That documentation says I need a working installation of Crystal, which I have, a working installation of Git, which I have, and a GitHub account, which I have but would prefer not to use - I've been preferring Drew DeVault's Sourcehut set of services, so would want to use a repo hosted at git.sr.ht/~emsenn.

The instructions, past the requirements, begin with creating a project. Crystal has a command for initializing one, but since I'm doing this program literately, I'm going to instead create sections in my main qtMUD document (probably what this devlog entry is a part of,) and write source code blocks to be tangled out - extracted.

Here's what I know I need:

  • shard.yml, which defines the project for when I'm ready to distribute it. It is in the "Configure" subsection of the "Operations" section.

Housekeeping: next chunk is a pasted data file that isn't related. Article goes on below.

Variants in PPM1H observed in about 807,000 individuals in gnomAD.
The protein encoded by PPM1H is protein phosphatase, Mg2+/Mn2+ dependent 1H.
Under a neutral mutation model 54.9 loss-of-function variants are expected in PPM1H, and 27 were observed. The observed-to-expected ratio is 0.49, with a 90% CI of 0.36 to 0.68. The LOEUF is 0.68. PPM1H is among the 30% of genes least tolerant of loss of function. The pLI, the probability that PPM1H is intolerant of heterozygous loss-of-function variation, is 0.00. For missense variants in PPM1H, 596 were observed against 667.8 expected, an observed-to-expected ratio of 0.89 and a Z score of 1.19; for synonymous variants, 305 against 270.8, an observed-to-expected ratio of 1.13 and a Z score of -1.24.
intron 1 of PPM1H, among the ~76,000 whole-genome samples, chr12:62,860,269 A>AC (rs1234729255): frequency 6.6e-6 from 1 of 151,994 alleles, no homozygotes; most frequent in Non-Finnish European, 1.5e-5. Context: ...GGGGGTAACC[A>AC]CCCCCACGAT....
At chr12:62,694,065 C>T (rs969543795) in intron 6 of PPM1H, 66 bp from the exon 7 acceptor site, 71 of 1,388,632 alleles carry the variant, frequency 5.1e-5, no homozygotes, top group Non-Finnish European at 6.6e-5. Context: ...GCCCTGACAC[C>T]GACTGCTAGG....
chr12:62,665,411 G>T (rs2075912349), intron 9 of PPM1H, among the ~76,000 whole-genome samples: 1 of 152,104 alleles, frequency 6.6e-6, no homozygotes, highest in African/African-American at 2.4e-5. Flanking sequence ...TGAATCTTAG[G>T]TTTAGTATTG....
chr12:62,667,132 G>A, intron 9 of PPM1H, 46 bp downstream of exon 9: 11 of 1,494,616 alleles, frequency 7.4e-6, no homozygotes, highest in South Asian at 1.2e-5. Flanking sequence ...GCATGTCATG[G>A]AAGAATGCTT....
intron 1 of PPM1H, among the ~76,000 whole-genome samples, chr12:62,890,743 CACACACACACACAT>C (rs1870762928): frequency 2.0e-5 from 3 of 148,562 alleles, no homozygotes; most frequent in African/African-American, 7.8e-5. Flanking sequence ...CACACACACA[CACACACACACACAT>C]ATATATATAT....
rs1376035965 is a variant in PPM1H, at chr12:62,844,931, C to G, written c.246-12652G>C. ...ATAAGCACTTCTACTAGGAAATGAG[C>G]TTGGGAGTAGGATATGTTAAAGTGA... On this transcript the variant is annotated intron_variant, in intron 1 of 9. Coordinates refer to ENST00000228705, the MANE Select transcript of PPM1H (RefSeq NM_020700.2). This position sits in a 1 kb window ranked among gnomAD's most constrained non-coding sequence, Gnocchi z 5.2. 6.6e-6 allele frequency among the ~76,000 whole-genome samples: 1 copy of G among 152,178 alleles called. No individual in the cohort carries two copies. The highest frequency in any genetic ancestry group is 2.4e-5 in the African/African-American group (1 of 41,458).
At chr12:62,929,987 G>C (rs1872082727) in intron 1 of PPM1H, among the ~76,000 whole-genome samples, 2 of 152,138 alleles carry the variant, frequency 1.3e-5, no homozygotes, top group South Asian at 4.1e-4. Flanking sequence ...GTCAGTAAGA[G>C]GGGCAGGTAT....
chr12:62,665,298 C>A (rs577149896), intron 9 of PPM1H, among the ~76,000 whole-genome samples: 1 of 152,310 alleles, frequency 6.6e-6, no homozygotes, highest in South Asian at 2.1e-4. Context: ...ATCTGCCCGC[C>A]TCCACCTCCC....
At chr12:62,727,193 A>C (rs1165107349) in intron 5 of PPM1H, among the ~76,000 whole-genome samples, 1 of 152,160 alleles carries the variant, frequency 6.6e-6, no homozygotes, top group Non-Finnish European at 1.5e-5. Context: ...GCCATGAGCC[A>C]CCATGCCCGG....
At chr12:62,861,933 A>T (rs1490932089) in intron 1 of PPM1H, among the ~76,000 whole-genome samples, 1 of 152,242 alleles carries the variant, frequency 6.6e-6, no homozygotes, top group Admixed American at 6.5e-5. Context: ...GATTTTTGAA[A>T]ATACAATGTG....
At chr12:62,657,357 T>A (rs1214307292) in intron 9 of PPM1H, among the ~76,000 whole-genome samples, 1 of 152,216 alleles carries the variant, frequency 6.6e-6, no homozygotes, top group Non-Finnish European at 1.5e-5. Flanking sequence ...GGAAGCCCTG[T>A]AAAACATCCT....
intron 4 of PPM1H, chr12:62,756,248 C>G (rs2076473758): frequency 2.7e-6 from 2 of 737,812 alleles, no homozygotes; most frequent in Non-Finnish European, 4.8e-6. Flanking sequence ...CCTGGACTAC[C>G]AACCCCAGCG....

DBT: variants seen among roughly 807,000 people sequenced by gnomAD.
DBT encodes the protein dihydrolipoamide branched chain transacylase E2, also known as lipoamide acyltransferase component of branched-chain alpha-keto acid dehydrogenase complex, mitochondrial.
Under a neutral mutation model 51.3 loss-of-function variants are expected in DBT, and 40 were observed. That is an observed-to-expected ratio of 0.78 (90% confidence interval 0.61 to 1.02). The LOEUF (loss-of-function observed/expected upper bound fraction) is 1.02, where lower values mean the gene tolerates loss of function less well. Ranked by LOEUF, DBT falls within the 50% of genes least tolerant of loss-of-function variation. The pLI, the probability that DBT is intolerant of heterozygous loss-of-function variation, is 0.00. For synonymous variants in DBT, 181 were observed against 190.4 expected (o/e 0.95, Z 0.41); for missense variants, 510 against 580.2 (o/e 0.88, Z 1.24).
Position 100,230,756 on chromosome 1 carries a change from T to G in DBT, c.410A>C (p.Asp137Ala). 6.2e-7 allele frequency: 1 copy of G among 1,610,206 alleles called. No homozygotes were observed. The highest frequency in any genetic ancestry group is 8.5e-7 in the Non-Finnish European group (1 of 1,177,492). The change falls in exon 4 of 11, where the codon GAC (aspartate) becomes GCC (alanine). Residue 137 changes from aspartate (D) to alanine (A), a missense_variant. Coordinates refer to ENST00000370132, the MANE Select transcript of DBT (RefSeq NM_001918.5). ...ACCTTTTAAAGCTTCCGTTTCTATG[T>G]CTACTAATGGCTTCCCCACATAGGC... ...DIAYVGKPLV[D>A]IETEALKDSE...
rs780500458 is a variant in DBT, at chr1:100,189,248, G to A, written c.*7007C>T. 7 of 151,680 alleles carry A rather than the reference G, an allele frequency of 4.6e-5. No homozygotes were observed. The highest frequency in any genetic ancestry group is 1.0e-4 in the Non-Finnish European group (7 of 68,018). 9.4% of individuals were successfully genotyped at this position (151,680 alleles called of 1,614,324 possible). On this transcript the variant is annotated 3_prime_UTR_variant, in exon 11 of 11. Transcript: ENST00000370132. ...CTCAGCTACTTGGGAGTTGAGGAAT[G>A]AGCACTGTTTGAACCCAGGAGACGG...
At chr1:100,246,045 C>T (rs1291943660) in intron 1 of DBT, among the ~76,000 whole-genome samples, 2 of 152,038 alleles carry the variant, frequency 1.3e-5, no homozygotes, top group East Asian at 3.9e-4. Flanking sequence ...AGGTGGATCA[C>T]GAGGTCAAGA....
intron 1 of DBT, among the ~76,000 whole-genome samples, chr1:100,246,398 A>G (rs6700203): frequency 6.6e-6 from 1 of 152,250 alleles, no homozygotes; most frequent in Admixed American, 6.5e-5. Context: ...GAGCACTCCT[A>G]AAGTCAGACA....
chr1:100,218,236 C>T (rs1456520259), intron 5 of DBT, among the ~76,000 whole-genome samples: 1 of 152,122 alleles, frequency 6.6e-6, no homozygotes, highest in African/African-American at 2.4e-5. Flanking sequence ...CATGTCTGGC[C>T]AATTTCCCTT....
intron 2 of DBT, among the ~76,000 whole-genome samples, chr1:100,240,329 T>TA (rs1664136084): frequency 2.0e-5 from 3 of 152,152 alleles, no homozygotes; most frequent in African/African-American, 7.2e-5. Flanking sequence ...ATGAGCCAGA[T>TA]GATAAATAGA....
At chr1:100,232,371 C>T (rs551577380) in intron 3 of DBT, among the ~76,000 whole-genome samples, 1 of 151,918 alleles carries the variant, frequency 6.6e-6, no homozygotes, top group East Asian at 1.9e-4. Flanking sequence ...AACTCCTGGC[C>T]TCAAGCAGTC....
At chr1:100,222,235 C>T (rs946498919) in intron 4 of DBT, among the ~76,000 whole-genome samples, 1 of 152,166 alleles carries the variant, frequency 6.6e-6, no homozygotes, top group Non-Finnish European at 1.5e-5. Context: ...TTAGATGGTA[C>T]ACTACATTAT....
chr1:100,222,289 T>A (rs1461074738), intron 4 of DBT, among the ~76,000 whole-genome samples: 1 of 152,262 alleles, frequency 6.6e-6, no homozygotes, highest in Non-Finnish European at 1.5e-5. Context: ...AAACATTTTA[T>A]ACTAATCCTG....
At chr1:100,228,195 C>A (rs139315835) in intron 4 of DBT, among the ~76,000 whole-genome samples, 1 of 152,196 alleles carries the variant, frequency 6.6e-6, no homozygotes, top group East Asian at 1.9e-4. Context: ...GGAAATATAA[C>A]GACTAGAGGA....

• src/qtmud.cr, which will be the implementation of qtMUD in the Crystal programming language. It is in the "qtMUD Source" section.
  • spec/qtmud_spec.cr, which will be the specification of qtMUD, against which the implementation is written, and is also written in Crystal. It is in the "qtMUD Specification" section.

There's two other sections I've made to accompany those:

  • "Install from Org-mode", under "Install" in the "Operations" section. It has a shell script for deleting the currently build directory and remaking the layout. Simple, but effective. Then I run org-babel-tangle to re-tangle the source code.
  • "Test All", under "Test", also under "Operations". This is another shell script, that runs crystal spec (and runs it through a temporary file, because just running the command didn't get me the output in my Org-mode file. Hacky, but effective.

This gives me a development flow that could definitely be better if I was better at Org-mode, but: